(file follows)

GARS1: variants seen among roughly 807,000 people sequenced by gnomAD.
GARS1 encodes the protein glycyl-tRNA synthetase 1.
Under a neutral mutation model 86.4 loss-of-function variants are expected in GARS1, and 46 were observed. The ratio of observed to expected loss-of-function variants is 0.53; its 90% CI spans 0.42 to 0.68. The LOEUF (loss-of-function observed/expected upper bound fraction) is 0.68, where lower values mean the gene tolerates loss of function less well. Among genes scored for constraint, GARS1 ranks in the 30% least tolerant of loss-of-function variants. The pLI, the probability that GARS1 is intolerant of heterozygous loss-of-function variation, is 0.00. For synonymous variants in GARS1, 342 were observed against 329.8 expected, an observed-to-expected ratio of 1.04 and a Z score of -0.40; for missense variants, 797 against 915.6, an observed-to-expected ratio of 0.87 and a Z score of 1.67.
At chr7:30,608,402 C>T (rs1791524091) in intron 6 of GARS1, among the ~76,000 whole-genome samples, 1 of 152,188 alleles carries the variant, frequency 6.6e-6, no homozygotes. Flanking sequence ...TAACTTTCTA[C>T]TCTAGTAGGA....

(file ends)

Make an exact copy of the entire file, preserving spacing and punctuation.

GARS1: variants seen among roughly 807,000 people sequenced by gnomAD.
GARS1 encodes the protein glycyl-tRNA synthetase 1.
Under a neutral mutation model 86.4 loss-of-function variants are expected in GARS1, and 46 were observed. The ratio of observed to expected loss-of-function variants is 0.53; its 90% CI spans 0.42 to 0.68. The LOEUF (loss-of-function observed/expected upper bound fraction) is 0.68, where lower values mean the gene tolerates loss of function less well. Among genes scored for constraint, GARS1 ranks in the 30% least tolerant of loss-of-function variants. The pLI, the probability that GARS1 is intolerant of heterozygous loss-of-function variation, is 0.00. For synonymous variants in GARS1, 342 were observed against 329.8 expected, an observed-to-expected ratio of 1.04 and a Z score of -0.40; for missense variants, 797 against 915.6, an observed-to-expected ratio of 0.87 and a Z score of 1.67.
At chr7:30,608,402 C>T (rs1791524091) in intron 6 of GARS1, among the ~76,000 whole-genome samples, 1 of 152,188 alleles carries the variant, frequency 6.6e-6, no homozygotes. Flanking sequence ...TAACTTTCTA[C>T]TCTAGTAGGA....